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How expensive is it to remove Japanese Knotweed?

It can be very expensive to deal with – it can cost thousands or even tens of thousands of pounds.

Physical removal might involve removing soil three metres down and seven metres across from the edge of the visible growth. Everything that is removed has to be sent to a licenced waste management facility so that it is dealt with properly. You will also need insurance against it regrowing.

Could I buy a property that has Japanese Knotweed without knowing?

The seller of a property is legally obliged to declare if Japanese Knotweed is on the land. Your estate agent should be aware of this – they have to ensure the seller knows the implications of not disclosing this, because it could result in them being sued.

If Knotweed is present, an estate agent should advise you or your seller to look for a remediation firm that offers a warranty for completed work and that is protected by an independent insurer. This will give both the seller and the buyer peace of mind that the property is protected for the future.

It’s important, to be aware, though, that if you are buying a new property, this rule doesn’t apply. House builders are under no legal obligation to declare if the site has any historical Knotweed issues. This is a good reason to make sure you have a thorough survey done.

What happens if my neighbours have Knotweed on their property?

If your neighbour has Japanese knotweed and they’re not controlling it properly, they can be issued with an anti-social behaviour order. There can be disputes about who should pay for the treatment if it’s spread from one property to another.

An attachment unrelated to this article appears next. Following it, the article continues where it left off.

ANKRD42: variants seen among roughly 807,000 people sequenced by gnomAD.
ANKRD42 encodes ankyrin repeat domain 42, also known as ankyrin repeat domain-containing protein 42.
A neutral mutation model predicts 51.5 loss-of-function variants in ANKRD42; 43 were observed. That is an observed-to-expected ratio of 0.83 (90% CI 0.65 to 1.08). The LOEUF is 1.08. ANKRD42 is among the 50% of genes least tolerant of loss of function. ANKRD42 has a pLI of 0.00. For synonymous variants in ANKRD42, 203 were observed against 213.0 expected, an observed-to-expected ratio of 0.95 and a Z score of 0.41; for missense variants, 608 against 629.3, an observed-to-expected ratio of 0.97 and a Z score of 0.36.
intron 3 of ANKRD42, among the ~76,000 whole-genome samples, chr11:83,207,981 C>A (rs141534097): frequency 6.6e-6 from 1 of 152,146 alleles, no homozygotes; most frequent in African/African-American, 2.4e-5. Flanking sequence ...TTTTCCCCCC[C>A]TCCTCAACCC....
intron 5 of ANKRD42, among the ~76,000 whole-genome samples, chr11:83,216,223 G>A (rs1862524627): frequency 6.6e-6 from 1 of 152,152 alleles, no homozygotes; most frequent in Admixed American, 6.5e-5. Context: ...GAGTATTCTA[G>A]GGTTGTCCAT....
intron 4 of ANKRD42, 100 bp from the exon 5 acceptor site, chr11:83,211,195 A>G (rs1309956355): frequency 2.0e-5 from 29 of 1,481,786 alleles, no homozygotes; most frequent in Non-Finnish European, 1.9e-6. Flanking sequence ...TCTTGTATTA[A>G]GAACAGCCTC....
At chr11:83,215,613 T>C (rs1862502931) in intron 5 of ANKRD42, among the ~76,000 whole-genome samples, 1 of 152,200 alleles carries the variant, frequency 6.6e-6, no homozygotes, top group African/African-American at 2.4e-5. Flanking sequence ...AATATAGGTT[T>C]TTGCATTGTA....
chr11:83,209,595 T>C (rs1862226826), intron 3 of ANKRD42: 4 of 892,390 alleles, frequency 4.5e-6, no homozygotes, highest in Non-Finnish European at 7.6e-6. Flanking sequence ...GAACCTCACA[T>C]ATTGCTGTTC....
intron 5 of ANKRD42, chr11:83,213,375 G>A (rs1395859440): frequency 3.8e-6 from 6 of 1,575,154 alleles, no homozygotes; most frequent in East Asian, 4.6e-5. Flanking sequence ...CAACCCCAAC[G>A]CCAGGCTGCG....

If your property is next to a commercial railway, again it’s important to check carefully. Network Rail recently lost a court battle with a resident whose land had been infested by Knotweed from a railway embankment nearby.

What should I do if I think I have Japanese Knotweed at my property?

A great place to look for advice and support is a website called JapaneseKnotweed.com.

You can upload a picture, get the plant identified and then arrange a survey. You receive a report explaining the best treatment options and costs, they carry out the work and then resurvey the site to establish whether it’s been successful.

In terms of what it means for a mortgage or remortgage, it varies by lender. One mortgage provider will want a 10 year insurance policy, for example.

In summary, though, Japanese Knotweed won’t necessarily mean you can’t buy or sell a property – it’s a question of getting good advice, taking the right steps and talking to an experienced broker for support.